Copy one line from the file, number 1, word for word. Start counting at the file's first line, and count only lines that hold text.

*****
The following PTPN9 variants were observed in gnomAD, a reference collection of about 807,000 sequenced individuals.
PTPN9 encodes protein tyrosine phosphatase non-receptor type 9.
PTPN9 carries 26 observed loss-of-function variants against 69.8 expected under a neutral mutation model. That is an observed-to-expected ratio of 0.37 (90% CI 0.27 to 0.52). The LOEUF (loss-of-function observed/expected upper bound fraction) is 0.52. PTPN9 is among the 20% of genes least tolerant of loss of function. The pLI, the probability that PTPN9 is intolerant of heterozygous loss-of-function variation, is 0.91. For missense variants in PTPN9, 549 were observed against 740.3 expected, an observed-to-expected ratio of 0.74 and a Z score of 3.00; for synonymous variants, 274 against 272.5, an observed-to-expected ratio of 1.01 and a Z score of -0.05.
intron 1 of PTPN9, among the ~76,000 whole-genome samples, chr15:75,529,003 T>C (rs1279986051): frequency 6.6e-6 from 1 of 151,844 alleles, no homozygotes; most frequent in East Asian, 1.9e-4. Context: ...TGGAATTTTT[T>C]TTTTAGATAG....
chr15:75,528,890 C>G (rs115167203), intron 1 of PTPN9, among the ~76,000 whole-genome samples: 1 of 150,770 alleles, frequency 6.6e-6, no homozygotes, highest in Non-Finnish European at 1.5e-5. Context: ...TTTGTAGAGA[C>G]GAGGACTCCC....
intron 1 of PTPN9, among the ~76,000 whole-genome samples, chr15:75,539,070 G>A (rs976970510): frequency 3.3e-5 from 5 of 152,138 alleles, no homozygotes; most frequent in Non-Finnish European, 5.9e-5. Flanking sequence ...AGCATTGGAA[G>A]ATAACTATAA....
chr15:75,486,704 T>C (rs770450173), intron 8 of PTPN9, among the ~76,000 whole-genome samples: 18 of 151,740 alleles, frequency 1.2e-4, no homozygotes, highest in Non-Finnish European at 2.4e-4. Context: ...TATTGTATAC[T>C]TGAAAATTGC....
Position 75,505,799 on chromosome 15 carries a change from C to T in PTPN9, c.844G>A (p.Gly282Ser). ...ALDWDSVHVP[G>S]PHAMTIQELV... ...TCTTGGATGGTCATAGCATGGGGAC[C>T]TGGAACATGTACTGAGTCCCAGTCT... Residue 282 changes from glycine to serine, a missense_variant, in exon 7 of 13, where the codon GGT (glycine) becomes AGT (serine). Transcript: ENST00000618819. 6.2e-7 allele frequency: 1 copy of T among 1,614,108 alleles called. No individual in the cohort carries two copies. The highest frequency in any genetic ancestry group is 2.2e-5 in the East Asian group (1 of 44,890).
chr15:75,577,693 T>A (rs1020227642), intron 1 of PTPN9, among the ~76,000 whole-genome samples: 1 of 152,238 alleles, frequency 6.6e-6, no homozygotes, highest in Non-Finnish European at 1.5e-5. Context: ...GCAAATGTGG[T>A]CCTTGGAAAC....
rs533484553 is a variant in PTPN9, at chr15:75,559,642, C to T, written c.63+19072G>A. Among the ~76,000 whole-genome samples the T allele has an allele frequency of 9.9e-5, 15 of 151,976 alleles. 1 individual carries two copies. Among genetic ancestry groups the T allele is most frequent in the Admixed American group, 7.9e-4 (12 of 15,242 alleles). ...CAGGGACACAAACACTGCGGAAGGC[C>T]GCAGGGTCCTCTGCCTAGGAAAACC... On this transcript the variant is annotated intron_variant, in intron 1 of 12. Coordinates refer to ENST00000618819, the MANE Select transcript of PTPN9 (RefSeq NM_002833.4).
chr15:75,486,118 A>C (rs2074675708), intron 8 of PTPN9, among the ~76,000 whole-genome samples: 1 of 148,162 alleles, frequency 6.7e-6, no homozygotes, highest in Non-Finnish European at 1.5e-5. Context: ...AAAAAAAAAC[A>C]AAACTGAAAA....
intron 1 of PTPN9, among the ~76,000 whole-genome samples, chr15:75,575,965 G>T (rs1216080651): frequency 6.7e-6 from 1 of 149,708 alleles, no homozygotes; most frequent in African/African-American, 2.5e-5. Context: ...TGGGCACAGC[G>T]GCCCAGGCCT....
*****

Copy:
The following PTPN9 variants were observed in gnomAD, a reference collection of about 807,000 sequenced individuals.